Chris Thomaidis has a huge archive of works shot on film. He has a great eye for graphic forms and muted colours. Issues of urban planning, decay and suburban sprawl are recurring subjects in Chris’ work.
Chris loves experimenting. This uses metal filings and magnets. Design by the Office of Gilbert Li. For about 10 year Chris shot for the best stock houses. But over time those places gradually reduced their artist’s share of revenue to the point where it didn’t make sense for many of them to continue. At around the time Chris was leaving Getty or whatever it was (TonyStone) after a great run of course, Gilbert found him online somehow through some obscure metadata. From there Gilbert contacted Chris and was thrilled to find he lives in Toronto. Many great projects were to follow.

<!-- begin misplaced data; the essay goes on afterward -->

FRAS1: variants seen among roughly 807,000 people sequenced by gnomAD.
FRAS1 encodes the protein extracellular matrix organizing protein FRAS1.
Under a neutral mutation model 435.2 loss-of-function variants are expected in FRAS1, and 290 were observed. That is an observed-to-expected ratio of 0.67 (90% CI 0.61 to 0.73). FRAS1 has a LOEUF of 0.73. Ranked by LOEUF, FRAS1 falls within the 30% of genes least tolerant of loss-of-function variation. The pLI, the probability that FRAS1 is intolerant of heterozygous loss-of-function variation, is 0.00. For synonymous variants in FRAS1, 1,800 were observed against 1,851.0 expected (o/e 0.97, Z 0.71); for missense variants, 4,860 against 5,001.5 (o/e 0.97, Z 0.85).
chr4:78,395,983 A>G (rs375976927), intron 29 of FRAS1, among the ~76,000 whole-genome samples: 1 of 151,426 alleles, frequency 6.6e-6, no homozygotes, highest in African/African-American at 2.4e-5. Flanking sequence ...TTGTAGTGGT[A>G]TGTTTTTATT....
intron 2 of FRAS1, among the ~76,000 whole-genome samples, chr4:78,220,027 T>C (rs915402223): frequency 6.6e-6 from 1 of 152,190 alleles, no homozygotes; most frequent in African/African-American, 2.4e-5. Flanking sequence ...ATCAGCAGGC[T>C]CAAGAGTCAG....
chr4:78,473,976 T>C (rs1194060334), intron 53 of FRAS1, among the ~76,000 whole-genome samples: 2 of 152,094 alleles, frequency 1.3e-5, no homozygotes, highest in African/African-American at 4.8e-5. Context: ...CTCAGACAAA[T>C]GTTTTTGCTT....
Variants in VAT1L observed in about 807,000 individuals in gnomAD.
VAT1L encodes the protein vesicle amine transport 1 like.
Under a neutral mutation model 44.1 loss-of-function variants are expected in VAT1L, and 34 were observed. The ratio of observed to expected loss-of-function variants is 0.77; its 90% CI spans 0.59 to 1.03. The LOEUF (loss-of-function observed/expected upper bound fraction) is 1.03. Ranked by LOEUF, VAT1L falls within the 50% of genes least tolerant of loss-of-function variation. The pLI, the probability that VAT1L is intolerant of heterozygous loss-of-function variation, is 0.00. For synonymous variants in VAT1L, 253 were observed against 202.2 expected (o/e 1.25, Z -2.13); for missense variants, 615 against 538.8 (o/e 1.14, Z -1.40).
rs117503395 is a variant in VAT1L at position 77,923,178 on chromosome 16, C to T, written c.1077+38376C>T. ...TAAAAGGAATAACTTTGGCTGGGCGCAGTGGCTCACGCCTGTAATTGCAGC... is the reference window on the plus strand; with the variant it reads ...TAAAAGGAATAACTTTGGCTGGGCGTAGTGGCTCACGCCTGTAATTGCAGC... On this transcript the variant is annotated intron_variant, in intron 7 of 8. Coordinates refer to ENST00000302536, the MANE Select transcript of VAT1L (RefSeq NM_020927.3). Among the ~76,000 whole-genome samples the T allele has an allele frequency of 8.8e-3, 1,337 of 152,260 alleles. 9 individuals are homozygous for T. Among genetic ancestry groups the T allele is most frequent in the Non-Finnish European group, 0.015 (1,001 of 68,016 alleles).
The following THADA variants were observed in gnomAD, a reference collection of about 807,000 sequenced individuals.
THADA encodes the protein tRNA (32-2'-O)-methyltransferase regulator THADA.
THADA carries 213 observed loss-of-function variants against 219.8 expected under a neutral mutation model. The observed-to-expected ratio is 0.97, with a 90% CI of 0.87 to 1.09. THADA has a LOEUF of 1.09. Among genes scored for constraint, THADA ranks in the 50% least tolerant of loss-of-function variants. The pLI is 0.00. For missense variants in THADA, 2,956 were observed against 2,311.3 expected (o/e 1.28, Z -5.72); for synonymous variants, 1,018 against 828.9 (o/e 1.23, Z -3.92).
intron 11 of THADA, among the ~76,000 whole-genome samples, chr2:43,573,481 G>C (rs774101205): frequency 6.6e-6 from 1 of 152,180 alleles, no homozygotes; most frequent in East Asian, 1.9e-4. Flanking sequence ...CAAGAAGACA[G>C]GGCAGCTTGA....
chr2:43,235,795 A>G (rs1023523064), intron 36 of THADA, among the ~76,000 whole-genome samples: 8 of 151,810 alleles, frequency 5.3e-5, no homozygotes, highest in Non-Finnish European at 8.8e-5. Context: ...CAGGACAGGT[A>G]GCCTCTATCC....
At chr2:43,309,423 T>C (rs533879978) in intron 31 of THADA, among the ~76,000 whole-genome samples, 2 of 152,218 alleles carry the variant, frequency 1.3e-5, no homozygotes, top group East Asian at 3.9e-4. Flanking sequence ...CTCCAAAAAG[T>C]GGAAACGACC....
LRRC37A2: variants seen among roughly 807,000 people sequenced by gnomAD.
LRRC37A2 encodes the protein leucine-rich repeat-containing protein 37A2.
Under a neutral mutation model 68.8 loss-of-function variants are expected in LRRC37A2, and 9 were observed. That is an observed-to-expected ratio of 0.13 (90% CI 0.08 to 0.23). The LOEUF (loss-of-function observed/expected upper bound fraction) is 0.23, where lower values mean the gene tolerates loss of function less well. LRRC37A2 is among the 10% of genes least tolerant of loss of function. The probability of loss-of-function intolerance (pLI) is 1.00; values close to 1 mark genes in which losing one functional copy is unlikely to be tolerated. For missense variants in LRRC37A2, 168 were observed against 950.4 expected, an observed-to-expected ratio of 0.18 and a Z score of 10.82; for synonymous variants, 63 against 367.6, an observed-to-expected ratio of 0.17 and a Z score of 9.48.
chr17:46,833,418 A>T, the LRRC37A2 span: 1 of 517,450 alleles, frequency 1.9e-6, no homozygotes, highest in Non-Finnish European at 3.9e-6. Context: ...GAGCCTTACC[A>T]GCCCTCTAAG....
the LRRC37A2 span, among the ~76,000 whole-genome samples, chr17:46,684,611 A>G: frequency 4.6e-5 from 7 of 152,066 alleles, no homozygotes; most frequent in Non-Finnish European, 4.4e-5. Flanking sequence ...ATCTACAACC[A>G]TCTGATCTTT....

Chris also shot books in ice for PEN Canada on the topic of the chilling of free speech with Jim Ryce. They’ve worked together on various other projects as well. An annual report for Pearson Airport (GTAA) for example. Chris knows his gear inside out, so much that it’s not even conscious anymore. Watching him work, it’s like his muscle memory and intuition with gear, lights, composition are so highly calibrated, you’re almost inside a dream. Shot approved? A bust of motion and suddenly the set is totally changed ready for the next shot.
This is shot by Chris to help document a mural I did. Even this to me, there’s an ok-ness with the mundane which reminds me of Martin Parr sometimes. And by the way, any genius obscure photographer who really knows their stuff. If you think you’ve discovered them and ask Chris if he knows them, he’ll probably have been following their work for 30 years. 🙂
Still life work for Blog.to
Kensington Market, 2008—an outtake from a magazine shoot.
Chris Thomaidis — Personal
Graphic use of space.